As human beings, we have hair all over our bodies which are fine and flesh-colored, making it difficult to see with the naked eye. Scalp hairs however, are thicker and darker colored, and are called secondary or terminal hair.
Hair grows from a tiny pit in the skin called a follicle. The angle at which follicles lie, and their distribution pattern on the scalp produces the natural direction of the hair growth. This natural wave pattern and color of the hair, is inherited from our parents. Hair grows at about 0.5inch, or 1.25cm per month, and this growth is the result of cell division taking place down in the hair bulb. On the average, a whole head contains about 100,000 hairs; any one of these will have a lifespan of one to six years.

The hairs that grow on the scalp vary in length, thickness, straightness and color, depending on ethnic race and sex. Growth fluctuates with the seasons; with more growth in warm than in cold weather. Also hair grows a little faster when it is new, and slows down when it is getting old, towards the end of its growth phase. So, as you age, the rate of growth slows, especially coupled with the fact that each hair has its own genetic program. Hence, comparing the rate of your shedding hair with your friend’s or members of your family is a waste of time.

Now, even though we have sebaceous glands secreting sebum to supply a protective oily coating to the scalp, as we grow older, this secretion reduces in quantity until both skin and hair start to become noticeably drier.

Finally, finer hair means more hair shafts will be present in a given area; blond hair being the finest, averages about 140,000 hairs per scalp. This is followed by black hair averaging about 110,000 hairs per scalp. The ethnic group with the fewest hairs per scalp is the redhead, averaging about 90,000 per scalp.


Please NOTE: Hair does NOT grow forever; it is rare to see it grow to its longest possible length, which can be as much as 36inches among Caucasians. Hair is shed and re-grown constantly, with the lifespan of a single hair averaging from 6 months to several years. It is important to know that it is natural to lose hair daily, sometimes up to about 100 hairs, for as long as cells are active in the follicle and follicles continue to thrive to enable the continuing process of hair production. All shed hairs are eventually replaced in about three and a half years, depending of course, on your ethnic group.

If your follicles are undamaged, they go into a resting phase, lasting about 3 months. So, often, you are UNABLE to see growth immediately. And even when the hair has been replaced, it may seem thinner, with the hairline looking empty. This does not mean that you have fewer hairs; it is just that the diameter of each hair decreases with age, thereby leaving replacement hair looking less “full”. Thinned hair therefore, is not the same as “volume-reduced-hair”.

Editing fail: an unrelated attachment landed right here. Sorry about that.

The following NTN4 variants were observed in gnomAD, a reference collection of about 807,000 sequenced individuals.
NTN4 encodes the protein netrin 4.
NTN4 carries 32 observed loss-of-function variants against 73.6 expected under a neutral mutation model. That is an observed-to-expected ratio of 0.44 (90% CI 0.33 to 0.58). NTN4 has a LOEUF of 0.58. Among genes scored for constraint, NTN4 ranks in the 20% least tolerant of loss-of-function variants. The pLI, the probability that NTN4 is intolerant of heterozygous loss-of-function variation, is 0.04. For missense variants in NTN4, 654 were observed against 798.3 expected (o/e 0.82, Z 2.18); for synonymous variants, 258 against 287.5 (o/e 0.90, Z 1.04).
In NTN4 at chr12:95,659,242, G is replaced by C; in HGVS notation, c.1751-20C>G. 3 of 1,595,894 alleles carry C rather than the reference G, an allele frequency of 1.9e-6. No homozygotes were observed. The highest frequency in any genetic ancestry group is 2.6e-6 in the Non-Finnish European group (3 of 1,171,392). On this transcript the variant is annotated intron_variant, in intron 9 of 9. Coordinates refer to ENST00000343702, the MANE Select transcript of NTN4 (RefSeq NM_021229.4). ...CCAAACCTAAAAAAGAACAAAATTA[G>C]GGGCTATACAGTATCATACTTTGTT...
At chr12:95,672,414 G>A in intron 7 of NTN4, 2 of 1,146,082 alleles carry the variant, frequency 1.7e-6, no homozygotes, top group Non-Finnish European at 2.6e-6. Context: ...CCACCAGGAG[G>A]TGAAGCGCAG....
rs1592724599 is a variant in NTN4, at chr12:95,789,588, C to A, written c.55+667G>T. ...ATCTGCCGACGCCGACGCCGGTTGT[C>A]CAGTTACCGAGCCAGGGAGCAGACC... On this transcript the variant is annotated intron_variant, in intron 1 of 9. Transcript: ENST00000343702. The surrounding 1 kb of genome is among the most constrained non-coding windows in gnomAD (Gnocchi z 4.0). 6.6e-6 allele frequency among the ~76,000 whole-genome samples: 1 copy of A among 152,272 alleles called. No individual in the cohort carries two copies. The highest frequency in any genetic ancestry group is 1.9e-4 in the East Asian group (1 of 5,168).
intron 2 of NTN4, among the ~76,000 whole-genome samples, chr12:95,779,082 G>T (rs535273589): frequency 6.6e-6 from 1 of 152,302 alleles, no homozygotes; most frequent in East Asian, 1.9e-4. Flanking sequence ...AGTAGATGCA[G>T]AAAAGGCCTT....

When the diameter of a hair shrinks, the hair stops growing as long as it could ordinarily grow to. Shorter hairs do not add as much density to the overall volume of hair, so hair looks thinner. Many ladies will see these shorter replacement hairs, will know that they are new growth, but can’t understand why the hairs won’t/don’t grow longer. Then they conclude that their hair is not growing at all, but this is not true.

Certain medical conditions can substantially increase shedding rate in women. These are:
1.   Fever
2.   Pregnancy
3.   Anemia
4.   Dysfunctional thyroid
5.   Other severe infections.
So, it is just NOT possible for you to comb your hair and not see any hair come off on the comb, no matter how well you are treating your hair. It is a natural process of evolution; old hair must “slide” out of the follicles, before new hair can appear. Thus, if your hair appears thinner, and your shedding rate stays the same, you have no problems.
If however, you notice more shedding than you are accustomed to, and it seems to be going on for a period longer than you are used to, then you MAY have a problem worth investigating. You will need to consult your obstetrician, to find out what is causing the prolonged loss, and what relief could be available to you. Remember that hormonal issues could contribute to hair loss and breakage. Therefore, you may need to eliminate the possibility of early menopause and hormonal imbalance.

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Comments expressed here do not reflect the opinions of vanguard newspapers or any employee thereof.